For  a first offense of theft in the second degree, the court may impose a minimum sentence of a fine of at least $1,000 or two times the amount of damages sustained by the victim, whichever is greater. ( § 708-831(2).)

Theft in the First Degree

Theft in the first degree is a class B felony under Hawaiia law. A person commits theft in the first degree when the person commits theft of:

  • property or services with a value of $20,000 or greater
  • a firearm
  • dynamite or any other explosive, or
  • property or services with a value of $300 or greater, which is stolen during a civil defense emergency proclaimed by the governor (i.e. a natural disaster or riot situation). (Haw. Rev. Stat. § 708-830.5.)

A class B felony carries a punishment of no more than ten years of imprisonment and/or a fine of no more than $25,000. ( § 708-660, § 708-640(b).)

Criminal Penalties for Shoplifting in Hawaii

For shoplifting involving merchandise valued at $100 or less, the offense is a petty misdemeanor, with a sentence of incarceration for no more than 30 days, and the minimum fine  of twice the value of the merchandise involved.

Shoplifting involving merchandise valued at between $100 and $300 is a misdemeanor offense under Hawaii law, which can result in a sentence of imprisonment of no more than one year, and a minimum fine of three times the value of the merchandise taken.

If the shoplifting offense involves merchandise valued at more than $300, the crime is a class C felony, with a sentence of incarceration of not more than five years and a minimum fine of four times the value of the merchandise stolen. If the offender has a prior conviction for shoplifting, the fine is doubled. (Haw. Rev. Stat. § 708-833.5.)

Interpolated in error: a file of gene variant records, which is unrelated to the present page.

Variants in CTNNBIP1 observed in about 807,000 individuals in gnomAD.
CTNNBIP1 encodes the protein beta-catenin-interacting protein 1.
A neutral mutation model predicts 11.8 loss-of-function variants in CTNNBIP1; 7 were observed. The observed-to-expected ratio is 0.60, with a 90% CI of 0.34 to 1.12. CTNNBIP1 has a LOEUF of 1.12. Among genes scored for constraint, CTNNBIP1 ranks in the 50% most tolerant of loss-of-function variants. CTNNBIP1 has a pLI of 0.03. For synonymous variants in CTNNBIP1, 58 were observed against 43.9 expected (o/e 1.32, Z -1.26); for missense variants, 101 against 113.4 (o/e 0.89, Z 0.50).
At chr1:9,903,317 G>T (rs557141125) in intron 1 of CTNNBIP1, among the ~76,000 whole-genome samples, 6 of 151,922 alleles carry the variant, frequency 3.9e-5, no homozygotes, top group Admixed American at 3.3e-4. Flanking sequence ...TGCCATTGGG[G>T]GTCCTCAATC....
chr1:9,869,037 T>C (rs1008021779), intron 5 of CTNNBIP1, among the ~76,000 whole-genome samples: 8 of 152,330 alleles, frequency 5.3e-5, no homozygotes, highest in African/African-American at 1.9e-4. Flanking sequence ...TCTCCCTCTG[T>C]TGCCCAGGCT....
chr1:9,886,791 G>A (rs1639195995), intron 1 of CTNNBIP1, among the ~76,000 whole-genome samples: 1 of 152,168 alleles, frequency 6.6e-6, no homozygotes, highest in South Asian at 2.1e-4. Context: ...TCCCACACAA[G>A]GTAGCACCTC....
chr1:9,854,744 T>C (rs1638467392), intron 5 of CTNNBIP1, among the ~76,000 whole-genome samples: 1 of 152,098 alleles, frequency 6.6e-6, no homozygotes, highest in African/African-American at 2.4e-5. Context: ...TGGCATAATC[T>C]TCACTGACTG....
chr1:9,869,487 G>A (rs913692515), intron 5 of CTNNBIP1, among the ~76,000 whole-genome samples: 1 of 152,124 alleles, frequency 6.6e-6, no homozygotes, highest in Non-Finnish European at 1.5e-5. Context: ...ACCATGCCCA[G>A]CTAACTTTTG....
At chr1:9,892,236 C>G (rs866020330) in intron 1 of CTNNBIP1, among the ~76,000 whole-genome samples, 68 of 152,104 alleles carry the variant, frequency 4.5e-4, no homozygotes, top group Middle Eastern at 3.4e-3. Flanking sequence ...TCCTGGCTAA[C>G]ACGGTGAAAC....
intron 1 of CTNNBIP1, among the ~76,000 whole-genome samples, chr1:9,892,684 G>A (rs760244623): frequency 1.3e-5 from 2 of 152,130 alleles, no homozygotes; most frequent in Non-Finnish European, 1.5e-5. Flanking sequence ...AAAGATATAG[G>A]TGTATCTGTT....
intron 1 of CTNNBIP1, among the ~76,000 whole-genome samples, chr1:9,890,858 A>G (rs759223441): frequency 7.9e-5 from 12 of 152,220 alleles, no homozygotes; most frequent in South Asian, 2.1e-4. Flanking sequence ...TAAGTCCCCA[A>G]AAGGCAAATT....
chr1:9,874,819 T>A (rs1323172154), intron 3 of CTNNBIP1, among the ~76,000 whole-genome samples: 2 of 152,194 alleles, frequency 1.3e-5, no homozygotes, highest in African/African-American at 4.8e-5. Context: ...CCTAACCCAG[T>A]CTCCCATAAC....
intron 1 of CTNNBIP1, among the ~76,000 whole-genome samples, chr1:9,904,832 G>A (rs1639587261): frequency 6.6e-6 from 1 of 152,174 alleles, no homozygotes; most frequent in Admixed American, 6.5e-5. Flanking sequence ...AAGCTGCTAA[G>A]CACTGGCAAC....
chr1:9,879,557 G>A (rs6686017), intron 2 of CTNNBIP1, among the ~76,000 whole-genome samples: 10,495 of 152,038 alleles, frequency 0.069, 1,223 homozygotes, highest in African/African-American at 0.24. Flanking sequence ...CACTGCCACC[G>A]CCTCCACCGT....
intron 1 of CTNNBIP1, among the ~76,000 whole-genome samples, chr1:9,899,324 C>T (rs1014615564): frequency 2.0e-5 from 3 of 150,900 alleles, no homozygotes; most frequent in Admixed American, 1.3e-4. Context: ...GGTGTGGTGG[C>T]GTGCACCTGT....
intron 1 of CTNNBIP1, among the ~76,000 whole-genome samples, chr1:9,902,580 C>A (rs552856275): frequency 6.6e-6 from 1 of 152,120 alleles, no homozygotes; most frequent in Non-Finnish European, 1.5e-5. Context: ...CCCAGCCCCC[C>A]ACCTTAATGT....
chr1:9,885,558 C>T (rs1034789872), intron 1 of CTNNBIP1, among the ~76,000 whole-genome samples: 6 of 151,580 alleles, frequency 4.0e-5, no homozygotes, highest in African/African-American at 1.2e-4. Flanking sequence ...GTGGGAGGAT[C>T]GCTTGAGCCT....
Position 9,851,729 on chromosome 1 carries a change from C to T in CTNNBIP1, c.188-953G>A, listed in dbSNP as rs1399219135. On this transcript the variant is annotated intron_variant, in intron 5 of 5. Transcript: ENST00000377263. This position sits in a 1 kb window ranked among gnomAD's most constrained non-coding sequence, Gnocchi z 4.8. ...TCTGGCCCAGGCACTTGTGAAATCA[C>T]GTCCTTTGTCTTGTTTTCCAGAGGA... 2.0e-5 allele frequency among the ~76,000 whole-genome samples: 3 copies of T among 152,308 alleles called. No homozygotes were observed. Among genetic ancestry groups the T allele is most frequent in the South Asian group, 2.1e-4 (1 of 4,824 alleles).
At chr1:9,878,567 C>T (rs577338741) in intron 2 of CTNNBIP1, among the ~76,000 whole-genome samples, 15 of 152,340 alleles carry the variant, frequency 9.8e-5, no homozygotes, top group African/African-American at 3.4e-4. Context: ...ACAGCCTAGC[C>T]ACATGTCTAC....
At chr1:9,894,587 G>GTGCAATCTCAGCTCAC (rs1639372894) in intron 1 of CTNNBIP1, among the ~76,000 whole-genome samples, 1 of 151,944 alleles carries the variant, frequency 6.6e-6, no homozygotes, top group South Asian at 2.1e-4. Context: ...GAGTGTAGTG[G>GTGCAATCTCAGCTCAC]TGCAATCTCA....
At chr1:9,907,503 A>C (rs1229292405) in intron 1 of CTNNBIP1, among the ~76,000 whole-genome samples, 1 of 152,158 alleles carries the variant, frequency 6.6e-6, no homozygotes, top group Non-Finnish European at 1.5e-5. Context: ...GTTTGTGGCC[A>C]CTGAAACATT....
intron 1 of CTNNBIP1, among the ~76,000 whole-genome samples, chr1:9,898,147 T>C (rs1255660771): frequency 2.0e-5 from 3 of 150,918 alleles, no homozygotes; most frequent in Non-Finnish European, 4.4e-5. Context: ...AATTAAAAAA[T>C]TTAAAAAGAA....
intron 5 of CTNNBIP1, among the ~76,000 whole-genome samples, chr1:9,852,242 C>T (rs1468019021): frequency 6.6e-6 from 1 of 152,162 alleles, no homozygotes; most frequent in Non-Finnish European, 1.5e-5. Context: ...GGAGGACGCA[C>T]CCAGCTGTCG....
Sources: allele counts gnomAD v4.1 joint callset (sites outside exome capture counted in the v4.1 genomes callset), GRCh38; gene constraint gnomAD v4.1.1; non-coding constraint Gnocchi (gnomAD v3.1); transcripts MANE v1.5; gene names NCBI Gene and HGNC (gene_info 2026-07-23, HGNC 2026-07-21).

Civil Penalties for Shoplifting in Hawaii

A person who commits shoplifting also may be civilly liable to the store owner for the following:

  • actual damages
  • a civil penalty of $75, and
  • an additional civil penalty of not less than $50 and not more than $500. (Haw. Rev. Stat. § 663A-2.)

Defenses to Theft in the State of Hawaii

Under Hawaii law, there are several defenses to prosecution for theft, including if it can be shown that at the time of the offense:

  • the person was unaware that the property or service  belonged to  another, or
  • the person believed that he or she had a claim of right or was authorized to exert control over the property.

If the owner of the property was the person’s spouse, it is also a defense that the property  constituted "household belongings" and that the two parties were living together at the time of the alleged offense. The term "household belongings" generally refers to items such as furniture, personal effects, vehicles or money. (Haw. Rev. Stat. § 708-834.)

Talk to a Lawyer

Start here to find criminal defense lawyers near you.

How it Works

  1. Briefly tell us about your case
  2. Provide your contact information
  3. Choose attorneys to contact you
DEFEND YOUR RIGHTS

Talk to a Defense attorney

We've helped 95 clients find attorneys today.

How It Works

  1. Briefly tell us about your case
  2. Provide your contact information
  3. Choose attorneys to contact you